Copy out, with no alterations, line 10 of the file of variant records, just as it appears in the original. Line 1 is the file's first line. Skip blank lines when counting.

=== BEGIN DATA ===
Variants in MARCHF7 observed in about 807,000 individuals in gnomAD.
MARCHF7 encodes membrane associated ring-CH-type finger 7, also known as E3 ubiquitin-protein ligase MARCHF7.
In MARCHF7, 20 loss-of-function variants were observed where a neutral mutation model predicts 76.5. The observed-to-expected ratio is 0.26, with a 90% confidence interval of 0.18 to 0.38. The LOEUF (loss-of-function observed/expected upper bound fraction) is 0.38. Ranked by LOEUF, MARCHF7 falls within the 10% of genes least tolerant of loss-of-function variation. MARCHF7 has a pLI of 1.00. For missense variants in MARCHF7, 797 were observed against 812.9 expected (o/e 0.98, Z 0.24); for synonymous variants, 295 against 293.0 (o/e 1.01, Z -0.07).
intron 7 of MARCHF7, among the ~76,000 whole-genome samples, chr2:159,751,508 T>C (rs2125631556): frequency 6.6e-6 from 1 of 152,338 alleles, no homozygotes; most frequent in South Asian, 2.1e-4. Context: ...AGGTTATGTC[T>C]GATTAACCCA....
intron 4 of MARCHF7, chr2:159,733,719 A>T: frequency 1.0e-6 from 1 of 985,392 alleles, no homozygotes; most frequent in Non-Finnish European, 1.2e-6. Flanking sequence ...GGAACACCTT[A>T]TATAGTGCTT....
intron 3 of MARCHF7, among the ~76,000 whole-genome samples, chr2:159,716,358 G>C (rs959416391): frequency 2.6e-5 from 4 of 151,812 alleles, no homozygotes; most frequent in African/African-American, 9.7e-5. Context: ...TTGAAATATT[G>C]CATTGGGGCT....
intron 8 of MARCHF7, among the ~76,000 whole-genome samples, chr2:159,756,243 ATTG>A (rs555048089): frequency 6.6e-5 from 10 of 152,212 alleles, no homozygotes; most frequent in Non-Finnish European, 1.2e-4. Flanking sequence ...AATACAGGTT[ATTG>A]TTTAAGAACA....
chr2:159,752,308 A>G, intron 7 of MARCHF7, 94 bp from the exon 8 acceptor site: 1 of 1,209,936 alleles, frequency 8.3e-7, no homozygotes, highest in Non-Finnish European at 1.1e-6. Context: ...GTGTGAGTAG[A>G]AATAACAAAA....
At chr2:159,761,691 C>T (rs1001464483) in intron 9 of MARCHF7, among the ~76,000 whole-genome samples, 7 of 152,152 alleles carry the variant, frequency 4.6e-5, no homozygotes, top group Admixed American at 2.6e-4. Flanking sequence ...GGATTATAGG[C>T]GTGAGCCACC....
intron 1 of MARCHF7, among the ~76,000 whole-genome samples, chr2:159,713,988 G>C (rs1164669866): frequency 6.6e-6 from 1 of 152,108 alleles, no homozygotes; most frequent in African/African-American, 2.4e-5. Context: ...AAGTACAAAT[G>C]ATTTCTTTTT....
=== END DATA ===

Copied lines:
intron 1 of MARCHF7, among the ~76,000 whole-genome samples, chr2:159,713,988 G>C (rs1164669866): frequency 6.6e-6 from 1 of 152,108 alleles, no homozygotes; most frequent in African/African-American, 2.4e-5. Context: ...AAGTACAAAT[G>C]ATTTCTTTTT....